Supreme Court strikes down DOMA

Supreme Court strikes down DOMA

Supreme Court strikes down DOMA
June 26
11:54 2013

William A. Darnell / Senior Staff Writer

[dropcap]I[/dropcap]n a landmark decision for marriage equality and gay rights this morning, the U.S. Supreme Court struck down the federal Defense of Marriage Act, 5 to 4.

The decision entitles same-sex couples to federal benefits and will immediately extend those rights in states, currently 13, allowing same-sex marriage. Benefits can vary pending on the location of the marriage and the current state they reside in.

However, the court’s decision did not retract laws already in place banning same-sex marriage throughout the nation, and elected to not comment on whether same-sex marriage is a constitutional right.

The act, signed into law in 1996 by President Bill Clinton, defined marriage as a union between a man and a woman. More than 1,000 federal laws used this definition of marriage, including those for federal benefits, which was the primary issue in the case decided today, United States v. Windsor No. 12-307.

Edith Windsor and Thea Clara Spyer were married in 2007 in Canada, and when Spyer died in 2009, Windsor inherited her property. Because of the federal guidelines in DOMA — in this case the estate tax exemption — the Internal Revenue Service was unable to treat Windsor as a surviving spouse, and thus had to levy her with a $360,000 tax bill. Last year, Windsor sued and the United States Court of Appeals for the Second Circuit, in New York, overturned the law.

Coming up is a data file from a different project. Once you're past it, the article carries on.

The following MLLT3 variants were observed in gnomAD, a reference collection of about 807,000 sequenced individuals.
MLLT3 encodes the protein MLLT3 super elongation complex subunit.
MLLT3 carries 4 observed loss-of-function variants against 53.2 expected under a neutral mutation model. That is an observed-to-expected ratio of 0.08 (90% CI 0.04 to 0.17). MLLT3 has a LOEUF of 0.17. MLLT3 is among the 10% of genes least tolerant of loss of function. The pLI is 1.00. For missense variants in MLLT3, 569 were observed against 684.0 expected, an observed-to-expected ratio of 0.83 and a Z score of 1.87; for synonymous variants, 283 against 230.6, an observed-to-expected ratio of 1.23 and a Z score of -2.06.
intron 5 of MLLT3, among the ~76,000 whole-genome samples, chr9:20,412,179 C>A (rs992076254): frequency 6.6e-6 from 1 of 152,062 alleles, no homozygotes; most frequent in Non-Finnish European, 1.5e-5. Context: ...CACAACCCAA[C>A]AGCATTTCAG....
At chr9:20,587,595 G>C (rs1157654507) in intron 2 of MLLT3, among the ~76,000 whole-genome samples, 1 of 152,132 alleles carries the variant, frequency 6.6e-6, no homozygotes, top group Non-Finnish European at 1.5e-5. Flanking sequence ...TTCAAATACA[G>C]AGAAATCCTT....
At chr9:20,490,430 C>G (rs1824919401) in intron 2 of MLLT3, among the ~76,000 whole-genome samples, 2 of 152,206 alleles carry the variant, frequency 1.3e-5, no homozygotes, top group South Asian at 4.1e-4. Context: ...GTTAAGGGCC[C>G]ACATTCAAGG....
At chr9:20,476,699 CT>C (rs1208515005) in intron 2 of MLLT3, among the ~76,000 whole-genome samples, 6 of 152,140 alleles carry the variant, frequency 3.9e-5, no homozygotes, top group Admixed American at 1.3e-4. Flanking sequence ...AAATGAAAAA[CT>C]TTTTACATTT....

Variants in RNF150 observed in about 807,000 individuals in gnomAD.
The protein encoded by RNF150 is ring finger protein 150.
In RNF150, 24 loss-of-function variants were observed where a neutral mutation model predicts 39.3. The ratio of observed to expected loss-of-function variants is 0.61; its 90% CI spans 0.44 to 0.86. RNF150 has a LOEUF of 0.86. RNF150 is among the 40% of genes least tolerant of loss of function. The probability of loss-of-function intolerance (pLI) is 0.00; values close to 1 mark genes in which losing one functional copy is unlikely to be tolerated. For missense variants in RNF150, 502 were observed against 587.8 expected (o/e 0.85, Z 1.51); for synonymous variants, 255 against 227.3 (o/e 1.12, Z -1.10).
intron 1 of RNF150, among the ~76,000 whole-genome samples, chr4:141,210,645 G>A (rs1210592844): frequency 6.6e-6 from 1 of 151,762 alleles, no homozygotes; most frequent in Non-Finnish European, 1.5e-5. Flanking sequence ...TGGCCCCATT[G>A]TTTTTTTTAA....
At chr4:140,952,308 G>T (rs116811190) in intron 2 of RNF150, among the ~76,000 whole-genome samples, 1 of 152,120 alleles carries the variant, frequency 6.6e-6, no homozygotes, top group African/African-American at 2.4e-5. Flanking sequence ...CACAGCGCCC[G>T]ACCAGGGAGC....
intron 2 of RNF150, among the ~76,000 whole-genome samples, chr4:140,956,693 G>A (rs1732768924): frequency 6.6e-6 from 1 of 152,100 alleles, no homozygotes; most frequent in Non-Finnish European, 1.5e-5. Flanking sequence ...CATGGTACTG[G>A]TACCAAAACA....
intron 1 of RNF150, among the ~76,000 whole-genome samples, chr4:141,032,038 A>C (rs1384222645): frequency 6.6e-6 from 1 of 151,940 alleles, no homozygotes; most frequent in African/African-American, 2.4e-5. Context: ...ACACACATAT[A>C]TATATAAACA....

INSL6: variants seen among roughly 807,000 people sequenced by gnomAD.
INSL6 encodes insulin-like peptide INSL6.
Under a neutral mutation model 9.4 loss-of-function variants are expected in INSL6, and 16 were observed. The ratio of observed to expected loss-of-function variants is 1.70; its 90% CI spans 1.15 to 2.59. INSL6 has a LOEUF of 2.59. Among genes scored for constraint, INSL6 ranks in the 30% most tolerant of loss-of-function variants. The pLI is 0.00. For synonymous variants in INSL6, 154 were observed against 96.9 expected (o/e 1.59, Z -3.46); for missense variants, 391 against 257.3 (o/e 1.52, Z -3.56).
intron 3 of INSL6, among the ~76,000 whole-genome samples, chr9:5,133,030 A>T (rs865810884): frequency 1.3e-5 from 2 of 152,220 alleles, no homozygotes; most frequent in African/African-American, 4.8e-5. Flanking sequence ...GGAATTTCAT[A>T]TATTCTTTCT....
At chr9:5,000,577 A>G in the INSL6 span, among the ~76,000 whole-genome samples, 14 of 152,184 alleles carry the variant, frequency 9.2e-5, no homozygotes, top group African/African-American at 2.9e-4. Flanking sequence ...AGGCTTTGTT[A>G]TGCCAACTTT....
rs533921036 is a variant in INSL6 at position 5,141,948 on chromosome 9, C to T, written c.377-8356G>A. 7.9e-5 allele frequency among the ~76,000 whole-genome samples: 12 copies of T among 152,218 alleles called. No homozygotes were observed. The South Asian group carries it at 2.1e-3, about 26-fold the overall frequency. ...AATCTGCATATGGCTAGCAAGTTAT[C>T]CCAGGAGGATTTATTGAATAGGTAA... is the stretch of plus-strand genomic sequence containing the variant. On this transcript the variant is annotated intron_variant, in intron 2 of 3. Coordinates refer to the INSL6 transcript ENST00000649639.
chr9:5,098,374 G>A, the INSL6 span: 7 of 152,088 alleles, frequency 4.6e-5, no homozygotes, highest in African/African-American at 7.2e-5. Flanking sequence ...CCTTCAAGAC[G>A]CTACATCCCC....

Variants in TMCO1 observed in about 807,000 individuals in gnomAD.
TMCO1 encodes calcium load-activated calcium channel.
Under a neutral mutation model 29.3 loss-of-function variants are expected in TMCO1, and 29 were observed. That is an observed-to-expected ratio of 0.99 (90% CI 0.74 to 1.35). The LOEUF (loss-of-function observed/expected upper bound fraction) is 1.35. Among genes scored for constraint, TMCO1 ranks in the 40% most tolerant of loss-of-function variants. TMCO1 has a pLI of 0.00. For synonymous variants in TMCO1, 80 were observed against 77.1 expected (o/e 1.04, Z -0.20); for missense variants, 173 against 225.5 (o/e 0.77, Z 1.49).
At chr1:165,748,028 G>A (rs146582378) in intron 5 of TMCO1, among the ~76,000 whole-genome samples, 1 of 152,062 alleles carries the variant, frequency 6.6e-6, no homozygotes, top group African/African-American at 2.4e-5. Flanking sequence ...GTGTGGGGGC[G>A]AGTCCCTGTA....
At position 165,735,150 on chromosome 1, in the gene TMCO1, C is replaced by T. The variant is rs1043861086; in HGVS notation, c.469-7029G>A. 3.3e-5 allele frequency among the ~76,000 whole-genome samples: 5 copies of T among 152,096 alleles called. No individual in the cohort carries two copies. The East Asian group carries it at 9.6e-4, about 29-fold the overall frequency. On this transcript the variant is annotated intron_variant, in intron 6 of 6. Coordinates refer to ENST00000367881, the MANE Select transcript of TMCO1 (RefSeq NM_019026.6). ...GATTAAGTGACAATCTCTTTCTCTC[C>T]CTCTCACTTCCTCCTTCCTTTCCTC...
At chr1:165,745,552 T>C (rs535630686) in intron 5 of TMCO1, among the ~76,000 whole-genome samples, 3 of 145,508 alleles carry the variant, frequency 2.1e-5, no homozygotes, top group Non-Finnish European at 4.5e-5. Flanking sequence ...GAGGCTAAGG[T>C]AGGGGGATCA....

Justice Anthony M. Kennedy wrote for the majority and was joined by Justices Ruth Bader Ginsburg, Stephen G. Breyer, Sonia Sotomayor and Elena Kagan.

“DOMA instructs all federal officials, and indeed all persons with whom same-sex couples interact, including their own children, that their marriage is less worthy than the marriages of others,” Kennedy wrote.

“The federal statute is invalid, for no legitimate purpose overcomes the purpose and effect to disparage and to injure those whom the State, by its marriage laws, sought to protect in personhood and dignity.”

Justice Antonin Scalia vehemently disagreed with the ruling, and was joined by fellow dissenters Chief Justice John G. Roberts Jr. and Justices Clarence Thomas and Samuel A. Alito Jr.

“In the majority’s telling, this story is black and white: hate your neighbor or come along with us,” Scalia said. “It is hard to admit that one’s political opponents are not monsters, especially in a struggle like this one, and the challenge in the end proves more than today’s court can handle.”

Also this morning, the Supreme Court declined to rule on Proposition 8, thus legalizing same-sex marriage in California.

Information gathered from published reports.

Additional reporting by T.S. Johnson / Web Editor

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